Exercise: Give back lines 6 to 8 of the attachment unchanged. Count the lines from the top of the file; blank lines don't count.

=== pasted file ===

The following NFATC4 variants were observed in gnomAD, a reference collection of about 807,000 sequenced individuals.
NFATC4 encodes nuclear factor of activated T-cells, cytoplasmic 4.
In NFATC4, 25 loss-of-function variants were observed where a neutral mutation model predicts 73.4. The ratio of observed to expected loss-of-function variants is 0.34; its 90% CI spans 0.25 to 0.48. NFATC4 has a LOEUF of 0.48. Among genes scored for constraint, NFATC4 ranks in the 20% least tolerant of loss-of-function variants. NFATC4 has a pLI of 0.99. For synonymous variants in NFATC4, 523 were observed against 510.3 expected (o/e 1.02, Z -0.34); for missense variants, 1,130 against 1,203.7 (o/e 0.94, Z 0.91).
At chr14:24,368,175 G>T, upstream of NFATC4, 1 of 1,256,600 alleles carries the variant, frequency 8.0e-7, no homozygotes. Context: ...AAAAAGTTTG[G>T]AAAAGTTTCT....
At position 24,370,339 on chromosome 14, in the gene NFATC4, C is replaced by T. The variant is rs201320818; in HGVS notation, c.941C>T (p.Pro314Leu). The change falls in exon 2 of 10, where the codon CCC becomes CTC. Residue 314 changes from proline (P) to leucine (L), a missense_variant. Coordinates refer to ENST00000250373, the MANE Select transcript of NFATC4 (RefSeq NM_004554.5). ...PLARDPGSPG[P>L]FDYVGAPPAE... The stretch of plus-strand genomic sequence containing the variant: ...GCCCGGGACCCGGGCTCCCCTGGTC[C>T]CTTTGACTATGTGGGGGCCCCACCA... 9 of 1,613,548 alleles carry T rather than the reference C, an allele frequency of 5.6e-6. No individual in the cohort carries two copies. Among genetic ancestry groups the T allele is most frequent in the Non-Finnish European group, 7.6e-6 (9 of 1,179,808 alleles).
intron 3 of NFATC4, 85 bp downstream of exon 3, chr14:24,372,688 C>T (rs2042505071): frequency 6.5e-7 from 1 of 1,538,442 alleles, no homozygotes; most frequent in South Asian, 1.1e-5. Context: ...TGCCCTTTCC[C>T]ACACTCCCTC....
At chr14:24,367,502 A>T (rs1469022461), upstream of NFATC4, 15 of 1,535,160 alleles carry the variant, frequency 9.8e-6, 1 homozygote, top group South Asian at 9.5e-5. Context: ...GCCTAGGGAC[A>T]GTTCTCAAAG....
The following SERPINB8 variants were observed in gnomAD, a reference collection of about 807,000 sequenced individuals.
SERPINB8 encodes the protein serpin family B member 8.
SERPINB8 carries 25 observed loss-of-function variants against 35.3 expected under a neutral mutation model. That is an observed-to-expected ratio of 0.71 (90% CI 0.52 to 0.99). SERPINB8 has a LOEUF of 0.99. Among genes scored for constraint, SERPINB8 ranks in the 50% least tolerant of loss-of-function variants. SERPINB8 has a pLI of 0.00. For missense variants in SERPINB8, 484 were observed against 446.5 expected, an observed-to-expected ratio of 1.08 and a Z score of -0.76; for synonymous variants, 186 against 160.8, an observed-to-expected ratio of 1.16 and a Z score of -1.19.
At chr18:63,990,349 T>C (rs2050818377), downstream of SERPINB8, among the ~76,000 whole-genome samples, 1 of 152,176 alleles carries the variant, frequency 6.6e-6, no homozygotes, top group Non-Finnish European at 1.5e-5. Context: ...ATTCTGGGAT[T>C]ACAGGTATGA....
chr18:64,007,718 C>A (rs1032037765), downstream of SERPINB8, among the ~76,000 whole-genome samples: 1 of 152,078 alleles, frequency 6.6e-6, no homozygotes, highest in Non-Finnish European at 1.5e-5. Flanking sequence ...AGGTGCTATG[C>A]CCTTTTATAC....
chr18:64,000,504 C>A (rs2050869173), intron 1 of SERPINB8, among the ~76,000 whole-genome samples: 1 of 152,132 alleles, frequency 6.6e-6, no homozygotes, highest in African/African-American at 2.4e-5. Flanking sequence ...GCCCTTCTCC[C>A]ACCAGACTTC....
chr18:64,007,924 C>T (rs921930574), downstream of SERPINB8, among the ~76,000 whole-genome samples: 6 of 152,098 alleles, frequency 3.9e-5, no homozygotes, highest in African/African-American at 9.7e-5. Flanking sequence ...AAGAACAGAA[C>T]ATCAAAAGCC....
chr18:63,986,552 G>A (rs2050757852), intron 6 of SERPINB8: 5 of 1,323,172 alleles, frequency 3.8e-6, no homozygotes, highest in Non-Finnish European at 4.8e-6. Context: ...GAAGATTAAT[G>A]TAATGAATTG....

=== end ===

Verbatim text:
intron 3 of NFATC4, 85 bp downstream of exon 3, chr14:24,372,688 C>T (rs2042505071): frequency 6.5e-7 from 1 of 1,538,442 alleles, no homozygotes; most frequent in South Asian, 1.1e-5. Context: ...TGCCCTTTCC[C>T]ACACTCCCTC....
At chr14:24,367,502 A>T (rs1469022461), upstream of NFATC4, 15 of 1,535,160 alleles carry the variant, frequency 9.8e-6, 1 homozygote, top group South Asian at 9.5e-5. Context: ...GCCTAGGGAC[A>T]GTTCTCAAAG....
The following SERPINB8 variants were observed in gnomAD, a reference collection of about 807,000 sequenced individuals.